Of Pilgrimages and Synodality
It could almost be a riddle: What’s the difference between a pilgrimage and synodality? Almost. There’s a long, legitimate place for synods in the life of the Church (“synodality,” by contrast, is quite a different and doubtful thing, since no one seems to be able to say what it is, or isn’t, other than more people talking). So, there need not be an opposition, much less a division, between a synod and the equally legitimate – and even longer – tradition of pilgrimage. But nota bene: in this man’s view, if you want real “walking together,” it’s best found on foot, body and soul on the way together – in the midst of God’s Creation – rather than sitting and talking, for hours, days, weeks, a month around tables in a large conference hall.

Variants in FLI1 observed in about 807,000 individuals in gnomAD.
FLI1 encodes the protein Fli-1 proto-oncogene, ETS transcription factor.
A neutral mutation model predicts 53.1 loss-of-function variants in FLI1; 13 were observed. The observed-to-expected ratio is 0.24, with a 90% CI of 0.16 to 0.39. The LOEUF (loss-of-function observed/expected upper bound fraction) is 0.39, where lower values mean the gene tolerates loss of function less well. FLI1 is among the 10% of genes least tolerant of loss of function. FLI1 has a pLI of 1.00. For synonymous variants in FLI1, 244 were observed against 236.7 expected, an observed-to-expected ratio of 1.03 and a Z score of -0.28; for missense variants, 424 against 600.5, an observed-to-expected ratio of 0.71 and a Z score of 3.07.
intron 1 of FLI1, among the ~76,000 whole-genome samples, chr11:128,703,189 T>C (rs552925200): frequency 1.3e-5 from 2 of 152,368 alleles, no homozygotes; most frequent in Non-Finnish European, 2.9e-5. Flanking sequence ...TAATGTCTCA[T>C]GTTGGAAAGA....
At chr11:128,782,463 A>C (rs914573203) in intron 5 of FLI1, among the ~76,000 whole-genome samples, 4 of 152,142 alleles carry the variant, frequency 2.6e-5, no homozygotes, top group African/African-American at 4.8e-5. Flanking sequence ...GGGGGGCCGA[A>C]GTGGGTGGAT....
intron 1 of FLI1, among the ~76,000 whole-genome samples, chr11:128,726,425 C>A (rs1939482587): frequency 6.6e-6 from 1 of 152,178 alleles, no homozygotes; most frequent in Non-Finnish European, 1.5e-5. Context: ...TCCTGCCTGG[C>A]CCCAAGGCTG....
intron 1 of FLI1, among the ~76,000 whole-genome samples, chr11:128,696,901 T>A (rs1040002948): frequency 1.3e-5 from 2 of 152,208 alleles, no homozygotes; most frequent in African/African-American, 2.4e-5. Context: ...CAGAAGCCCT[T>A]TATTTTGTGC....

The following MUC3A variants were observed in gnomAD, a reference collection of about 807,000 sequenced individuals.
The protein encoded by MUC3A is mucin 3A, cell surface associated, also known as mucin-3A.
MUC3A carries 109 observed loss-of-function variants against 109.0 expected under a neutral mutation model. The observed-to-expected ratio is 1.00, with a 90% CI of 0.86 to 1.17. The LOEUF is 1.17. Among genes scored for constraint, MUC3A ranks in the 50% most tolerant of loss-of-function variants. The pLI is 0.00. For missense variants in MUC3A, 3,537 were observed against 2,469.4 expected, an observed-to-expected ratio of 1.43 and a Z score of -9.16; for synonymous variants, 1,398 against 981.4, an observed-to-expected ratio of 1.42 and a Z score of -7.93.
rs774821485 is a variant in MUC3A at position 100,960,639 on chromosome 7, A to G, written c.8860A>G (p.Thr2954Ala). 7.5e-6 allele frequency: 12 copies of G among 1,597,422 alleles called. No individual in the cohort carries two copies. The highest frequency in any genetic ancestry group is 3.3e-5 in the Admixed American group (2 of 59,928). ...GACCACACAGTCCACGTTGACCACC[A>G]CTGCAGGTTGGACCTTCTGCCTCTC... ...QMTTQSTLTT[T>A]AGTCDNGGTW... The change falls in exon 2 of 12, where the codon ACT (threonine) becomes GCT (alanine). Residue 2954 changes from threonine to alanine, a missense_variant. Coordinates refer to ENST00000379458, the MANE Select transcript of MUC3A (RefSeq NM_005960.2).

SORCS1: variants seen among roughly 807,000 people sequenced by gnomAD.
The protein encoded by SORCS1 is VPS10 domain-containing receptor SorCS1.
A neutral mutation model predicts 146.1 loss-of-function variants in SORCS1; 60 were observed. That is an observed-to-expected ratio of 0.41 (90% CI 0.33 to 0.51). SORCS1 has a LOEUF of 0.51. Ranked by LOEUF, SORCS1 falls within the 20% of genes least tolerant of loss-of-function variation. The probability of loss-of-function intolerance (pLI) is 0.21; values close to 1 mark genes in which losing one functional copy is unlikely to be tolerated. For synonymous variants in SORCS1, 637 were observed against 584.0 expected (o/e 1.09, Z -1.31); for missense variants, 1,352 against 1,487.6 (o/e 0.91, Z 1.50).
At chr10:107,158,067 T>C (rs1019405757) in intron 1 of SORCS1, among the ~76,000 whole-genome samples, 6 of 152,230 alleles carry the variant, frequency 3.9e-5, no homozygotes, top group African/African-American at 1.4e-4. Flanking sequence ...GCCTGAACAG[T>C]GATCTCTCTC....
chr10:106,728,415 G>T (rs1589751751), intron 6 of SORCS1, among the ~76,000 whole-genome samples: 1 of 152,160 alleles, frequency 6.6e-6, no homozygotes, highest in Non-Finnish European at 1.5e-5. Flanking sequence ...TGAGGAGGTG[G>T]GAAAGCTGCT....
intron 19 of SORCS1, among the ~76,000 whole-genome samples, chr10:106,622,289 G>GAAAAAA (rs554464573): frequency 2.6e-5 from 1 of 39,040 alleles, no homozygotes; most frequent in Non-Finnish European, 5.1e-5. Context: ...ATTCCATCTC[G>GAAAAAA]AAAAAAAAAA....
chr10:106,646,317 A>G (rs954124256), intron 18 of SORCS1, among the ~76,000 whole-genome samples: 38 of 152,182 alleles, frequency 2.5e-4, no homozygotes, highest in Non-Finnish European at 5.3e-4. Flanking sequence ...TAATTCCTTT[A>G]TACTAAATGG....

A pilgrimage has the further advantage of a journey to a specific destination for a clear purpose, not a perpetual “process.” Jesus, Mary, and Joseph made the pilgrimage to Jerusalem together at least once (that we know of) when the boy Jesus was lost and later found in the Temple with the learned rabbis. (Luke 2:41-49) In His day, Jewish men – following an already centuries-old tradition – were supposed to make the pilgrimage to Jerusalem three times a year (Passover, Pentecost, Sukkoth). That’s what he was also doing when He presented Himself to be crucified.
People go on pilgrimage for all sorts of reasons. Besides the Jews, even ancient Greeks and Romans made pilgrimages to places like Delphi or Epidaurus (the Lourdes of the classical world). There’s Mecca, of course, for Muslims. And Buddhist and Hindu sites all over Asia. There’s something about this impulse to leave home – not permanently, but on a journey that will take you to a “home” of a different order than the everyday one, from which – if all goes well – you bring back something that enhances, even reveals unsuspected depths in your ordinary dwelling place.